I started a violin program this year.  I don’t play the violin, but wanted to put a higher level instrument in my students’ hands than a plastic recorder.  Drew was particularly taken with the violin.  There were days in the beginning when he would cry - because he would make a mistake. There were days when the class would be independently practicing what I asked them to practice and Drew would be done with that and go on to his own activity.  One time, he called me over and said “Hey Mrs. Price, I think I’ve figured out Twinkle, Twinkle Little Star.”  And of course, he had.  I knew Drew was enjoying the challenge of the violin, but I guess I never realized how much until 2 weeks ago. 

I had 30 students play their new violins for the board of education.  I tried to pick a variety of kids for this presentation.  Drew was in this group. I think he liked the challenge of being with kids who were picking up on the violin like he was.  I prepared the kids for that performance that afternoon and then had them back that evening to play. 

The kids did a fantastic presentation.  I was so proud of them.  They showed the audience and the board so much…so much of what is good in children, what is good in school and what is good within the human spirit.  They were so poised, proud and so sure of themselves-at least it appeared so. 

At the end of the presentation, I asked the audience to ask the kids questions.  Our superintendant asked the kids “What is it that you love the most about playing the violin?”  Most kids gave great answers…but no child gave a more passionate and heart-felt answer as Drew.  Drew said “Well…’s just so much fun..and I love it so much and I look forward to playing it so much…and I just wish I had a violin of my very own.”  The audience smiled and sweetly moaned a happy moan at how sweet this little boy was.  I too, was charmed by the young Drew.  But I also giggled at his somewhat “over the top” dramatic tone….one that at times made me wonder could this kid be for real?

 Later that week, I found out how “real” Drew was where the violin was concerned.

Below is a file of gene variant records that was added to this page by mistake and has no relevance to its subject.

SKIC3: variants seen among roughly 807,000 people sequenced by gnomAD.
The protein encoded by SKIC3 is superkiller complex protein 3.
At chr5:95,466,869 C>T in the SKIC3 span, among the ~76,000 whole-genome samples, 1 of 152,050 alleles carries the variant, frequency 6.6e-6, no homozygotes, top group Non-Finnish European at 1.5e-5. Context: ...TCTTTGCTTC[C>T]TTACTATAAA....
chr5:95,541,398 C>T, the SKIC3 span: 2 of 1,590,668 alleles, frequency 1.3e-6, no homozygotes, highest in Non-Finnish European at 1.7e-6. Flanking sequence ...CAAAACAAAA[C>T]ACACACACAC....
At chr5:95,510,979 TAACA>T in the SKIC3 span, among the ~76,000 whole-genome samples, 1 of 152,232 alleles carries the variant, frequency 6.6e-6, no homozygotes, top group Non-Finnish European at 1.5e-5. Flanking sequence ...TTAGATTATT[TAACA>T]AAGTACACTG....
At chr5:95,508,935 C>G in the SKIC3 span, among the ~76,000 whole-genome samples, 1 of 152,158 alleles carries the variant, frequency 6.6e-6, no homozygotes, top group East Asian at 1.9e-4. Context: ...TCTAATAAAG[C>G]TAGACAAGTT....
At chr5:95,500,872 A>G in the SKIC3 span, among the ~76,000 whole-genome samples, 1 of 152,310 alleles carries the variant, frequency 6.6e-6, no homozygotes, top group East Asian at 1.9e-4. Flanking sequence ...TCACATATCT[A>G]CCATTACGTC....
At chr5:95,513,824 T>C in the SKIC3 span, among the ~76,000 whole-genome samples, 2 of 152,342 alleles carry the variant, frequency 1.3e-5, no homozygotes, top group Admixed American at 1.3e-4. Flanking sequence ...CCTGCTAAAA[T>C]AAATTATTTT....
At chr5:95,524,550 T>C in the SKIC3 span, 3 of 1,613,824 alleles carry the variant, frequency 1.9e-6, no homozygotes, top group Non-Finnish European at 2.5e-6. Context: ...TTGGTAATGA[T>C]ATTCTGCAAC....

The next morning, a staff member who attended the board meeting emailed me and asked “Jenny, who was the little boy on the end?”  I told her who it was.  She asked “Does he really want a violin?”  I answered back, “I believe he would love one.”  She asked “How much does a violin cost?”  When I told her that a case, shoulder rest, bow and violin cost about $200.00, she wrote back and said “Tell me more about Drew.”  

I told her about him.  Her email back said “Boy, can I pick ‘em or what!!?!!  Yes, I’ll get him a violin.”  I was shocked.  I didn't expected that kind of response from that performance.  I never expected Drew’s answer to have the kind of reaction that would compel a person be moved enough to buy a violin for a student.  

Throughout this meeting, all I could think about besides my kids performing well, was that I needed to sell myself to the board.  To sell music.  To show them how important music is to these kids so they wouldn’t dare consider cutting our music program at such hard economic times.  

Little did I know that one of the reasons for that performance was so a little boy could be given a gift -and a benefactor could give of her heart - to make the difference in the life of a child she didn’t even know.  

I learned a lot from that meeting!

I called Drew’s mom and spoke to her of this generous gift.  She was so excited.  I could hear the tears in her voice.  She shared with me a story about her older son who had just gotten a bunch of hockey equipment from Craig’s List.  Mom had also been looking online for a violin for Drew, but was having no luck. 

Drew sadly said to his mother, “Isn’t there just a little bit of extra money for me so that I can have a violin?”  When she told me this, my eyes filled with tears. 

I called Drew down to my room to tell him of the generosity that was being shown to him.  He was in shock….cried……excited……..  We discussed being gracious and not sharing the story with everyone, so that other kids didn’t feel slighted.  He understood. 

Drew’s violin showed up this Wednesday.  I called Drew out of class and had him come to the office.  I pulled Drew’s violin out of the box and unwrapped his precious gift for him.  As he walked into the office, he burst into tears.  The office staff and I watched this young boy hold his greatest treasure –  his first violin.  

He sobbed as we cried along with him.  Drew hugged his violin saying thank you over and over as big crocodile tears fell from his eyes.  I could barely hold my camera still as I tried to take pictures of him.  I hoped that the camera would capture what my eyes had just witnessed.  What a beautiful moment Drew gave me.